NYSDEC Giant Hogweed Control Program
View the 2012 Giant Hogweed Program Annual Report (PDF). (2.6 MB)
View the 2011 Giant Hogweed Program Annual Report (PDF). (2 MB)
The NYSDEC Giant Hogweed Control Program will control the giant hogweed (GH) plants on your property free of charge. The program currently has six field crews across the state employing 12 field technicians. NYSDEC crews use the appropriate giant hogweed control method at each site. In general, herbicide control is used at larger sites with greater than 400 plants, root-cutting control is used at smaller sites with less than 400 plants, and flower/seed head removal is used at all sites to limit seed dispersal.
How do you report a site for control?
Call the giant hogweed hotline at (845) 256-3111 or email DEC and give detailed directions to the plant infestation (GPS coordinates and street address a plus), an estimated number of plants, and provide photos. Please make sure not to touch the plants when you take the photos. The best photos to take are:
- One picture of the whole plant - so we can see how tall it is
- Pictures of the basal (bottom) leaves
- Close-up of the stem where the leaf stalk connects
- Flower head (include one from the bottom/side so the number of flower rays/stalks can be roughly counted) - if only dead seed head from last year is available, that is okay, too
- Close-up of seeds
Email to the address above or send photos to:
NYSDEC Division of Lands & Forests
Giant Hogweed Program
21 South Putt Corners Road
New Paltz, NY 12561
What happens when giant hogweed is confirmed?
If giant hogweed is confirmed through the photos, the landowner will be sent a packet that contains a letter of notification, a document on control methods, and a permission form to be signed and returned to the NYSDEC. The form will give field crews consent to enter the landowner's property and control the giant hogweed plants. That site will be controlled some time between April and October and will be on a list to be revisited in following years until the plants are eradicated. When no more plants are found, the site will be monitored for three subsequent years.
The NYSDEC Giant Hogweed Control Program has received funding from a federal American Resource and Recovery Act grant, USDA-APHIS, USDA-Forest Service and New York State.
History of Control Program Activities
Since 1998 USDA, NYS Department of Agriculture & Markets (NYSDAM) and Cornell Cooperative Extension surveyed for this weed in New York State through the Cooperative Agricultural Pest Survey (CAPS). CAPS led to the detection of giant hogweed in approximately half the state's counties, with most records from the western portion of New York State.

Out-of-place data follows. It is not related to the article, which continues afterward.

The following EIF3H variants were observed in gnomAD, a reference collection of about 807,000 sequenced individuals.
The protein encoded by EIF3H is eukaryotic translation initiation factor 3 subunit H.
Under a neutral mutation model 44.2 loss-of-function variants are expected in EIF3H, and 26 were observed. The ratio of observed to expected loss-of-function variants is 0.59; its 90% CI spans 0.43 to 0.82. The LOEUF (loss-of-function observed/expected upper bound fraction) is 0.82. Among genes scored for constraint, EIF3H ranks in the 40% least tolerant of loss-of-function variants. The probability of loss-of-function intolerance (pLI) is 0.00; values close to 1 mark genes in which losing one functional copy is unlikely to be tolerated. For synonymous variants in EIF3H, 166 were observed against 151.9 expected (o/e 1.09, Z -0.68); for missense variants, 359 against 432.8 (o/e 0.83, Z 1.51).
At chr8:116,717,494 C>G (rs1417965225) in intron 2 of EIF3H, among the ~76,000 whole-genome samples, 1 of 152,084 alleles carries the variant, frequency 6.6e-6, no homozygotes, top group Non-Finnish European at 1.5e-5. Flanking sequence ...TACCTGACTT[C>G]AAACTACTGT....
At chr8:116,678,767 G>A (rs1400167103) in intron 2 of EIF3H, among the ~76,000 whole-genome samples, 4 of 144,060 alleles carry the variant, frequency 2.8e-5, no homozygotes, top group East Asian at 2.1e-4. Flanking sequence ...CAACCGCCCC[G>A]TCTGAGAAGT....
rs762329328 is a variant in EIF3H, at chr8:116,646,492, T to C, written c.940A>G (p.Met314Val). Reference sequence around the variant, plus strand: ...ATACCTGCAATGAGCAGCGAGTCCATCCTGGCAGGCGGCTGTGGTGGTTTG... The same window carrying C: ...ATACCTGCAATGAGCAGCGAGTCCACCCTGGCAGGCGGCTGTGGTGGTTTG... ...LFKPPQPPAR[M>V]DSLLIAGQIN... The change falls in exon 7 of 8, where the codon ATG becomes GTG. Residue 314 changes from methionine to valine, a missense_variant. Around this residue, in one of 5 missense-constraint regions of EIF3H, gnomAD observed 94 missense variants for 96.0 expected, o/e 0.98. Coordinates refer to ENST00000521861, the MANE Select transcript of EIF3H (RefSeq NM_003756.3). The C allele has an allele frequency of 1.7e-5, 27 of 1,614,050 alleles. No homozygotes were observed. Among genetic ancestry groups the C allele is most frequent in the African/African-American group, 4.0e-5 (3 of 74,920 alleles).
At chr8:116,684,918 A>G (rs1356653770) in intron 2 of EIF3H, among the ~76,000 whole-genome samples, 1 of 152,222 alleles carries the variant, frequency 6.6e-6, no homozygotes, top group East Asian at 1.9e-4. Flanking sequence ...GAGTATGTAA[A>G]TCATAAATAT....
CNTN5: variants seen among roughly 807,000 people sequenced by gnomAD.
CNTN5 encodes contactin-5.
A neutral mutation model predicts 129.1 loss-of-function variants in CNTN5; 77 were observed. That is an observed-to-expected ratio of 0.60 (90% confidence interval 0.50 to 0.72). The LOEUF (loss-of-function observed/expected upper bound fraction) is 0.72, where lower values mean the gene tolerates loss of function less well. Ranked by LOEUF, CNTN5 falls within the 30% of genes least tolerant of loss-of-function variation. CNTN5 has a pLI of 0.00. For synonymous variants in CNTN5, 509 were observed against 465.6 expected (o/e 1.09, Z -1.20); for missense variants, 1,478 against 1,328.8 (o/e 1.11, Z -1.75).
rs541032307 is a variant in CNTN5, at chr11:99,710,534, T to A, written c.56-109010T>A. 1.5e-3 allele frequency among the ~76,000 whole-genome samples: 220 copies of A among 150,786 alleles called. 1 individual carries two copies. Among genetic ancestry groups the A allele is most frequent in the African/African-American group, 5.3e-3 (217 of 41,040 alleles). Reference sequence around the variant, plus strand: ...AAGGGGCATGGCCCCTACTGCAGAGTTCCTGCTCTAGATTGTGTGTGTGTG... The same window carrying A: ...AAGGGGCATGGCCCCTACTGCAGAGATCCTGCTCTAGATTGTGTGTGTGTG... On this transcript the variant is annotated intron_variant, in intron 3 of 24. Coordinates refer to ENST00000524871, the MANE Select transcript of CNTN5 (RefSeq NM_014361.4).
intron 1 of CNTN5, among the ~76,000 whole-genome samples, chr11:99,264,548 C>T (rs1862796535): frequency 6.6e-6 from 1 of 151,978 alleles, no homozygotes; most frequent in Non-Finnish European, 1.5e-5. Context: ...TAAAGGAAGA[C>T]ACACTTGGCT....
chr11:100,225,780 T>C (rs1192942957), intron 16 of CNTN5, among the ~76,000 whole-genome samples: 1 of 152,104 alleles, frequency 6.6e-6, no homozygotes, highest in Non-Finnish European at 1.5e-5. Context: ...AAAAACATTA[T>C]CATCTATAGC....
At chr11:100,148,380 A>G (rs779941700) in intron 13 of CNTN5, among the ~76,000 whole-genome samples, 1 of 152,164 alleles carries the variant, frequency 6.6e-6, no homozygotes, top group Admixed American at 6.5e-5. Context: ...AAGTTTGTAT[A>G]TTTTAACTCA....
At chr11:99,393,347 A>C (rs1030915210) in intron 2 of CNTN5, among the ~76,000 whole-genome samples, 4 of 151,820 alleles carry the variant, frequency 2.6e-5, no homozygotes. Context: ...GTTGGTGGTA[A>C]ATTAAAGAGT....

In 2006 and 2007, NYS Department of Environmental Conservation (DEC) forest health crews visited and confirmed new reported sites and gathered updated site information on known giant hogweed sites. In 2007, property ownership information was also gathered by NYSDEC using GIS and an outreach mailing.
DEC implemented manual control of GH plants starting in 2008 with three crews hired to control giant hogweed plants using a root-cutting control method. NYSDEC also began maintaining the GH hotline at this time. In 2009, two crews were hired to control the smaller sites using a manual root-cutting control method and one crew was hired to use herbicide to control the larger sites. In 2010 and 2011 DEC received an ARRA grant allowing the GH control program to double in size with five and six crews hired respectively to use either manual or chemical control methods.
In 2012 and 2013, state funds were used to hire six control crews and four partner agencies agreed to control GH sites within their boundaries: Adirondack Park Invasive Plant Program (APIPP), Catskill Regional Invasive Species Partnership (CRISP), St. Lawrence Eastern Lake Ontario (SLELO) and Oswego County Soil and Water Conservation District (OCSWCD). Accomplishments of the GH control program from 2006 to 2012 can be found in Table 1.
|2006 & 2007||2008||2009||2010||2011||2012|
|Giant Hogweed Hotline||NYSDAM,
sites visited by DEC
|200 calls||660 calls||912 calls
|Web site visits||N/A||6,373 visits||10,770 visits||25,066 visits||307,444 visits||65,044 visits|
|Root-cut controlled||N/A||130 sites
|Herbicide controlled||N/A||N/A||146 sites
|Monitored*||N/A||64 sites||106 sites||139 sites||204 sites||282 sites|
|New sites||60 sites||122 sites||158 sites||341 sites||234 sites||179 sites|
|Sites with plants||346 sites||433 sites||539 sites||805 sites||959 sites||1,010 sites|
|Sites with no plants (after prior control)*||N/A||64 sites||106 sites||139 sites. 28 of these are eradicated sites.||207 sites. 55 of these are eradicated sites||339 sites. 97 of these are eradicated sites|
|Total known acreage of GH||N/A||222||319||231||269||228|
|DEC control staff hired||N/A||6 people
|Funding source||State & Federal||State & Federal||State & Federal||ARRA & Federal||ARRA||State|
* Monitored sites have had prior control but no GH regrowth/plants were found during the latest yearly field season's monitoring visit. After three consecutive yearly visits with no plants found, a site is deemed eradicated.
** In 2012 we used a different but more consistent method of calculating the number of plants controlled by herbicide to allow for better comparison to future plant counts. The 2012 calculation is based on the amount of herbicide used; prior year plant counts were calculated using crew plant density estimates.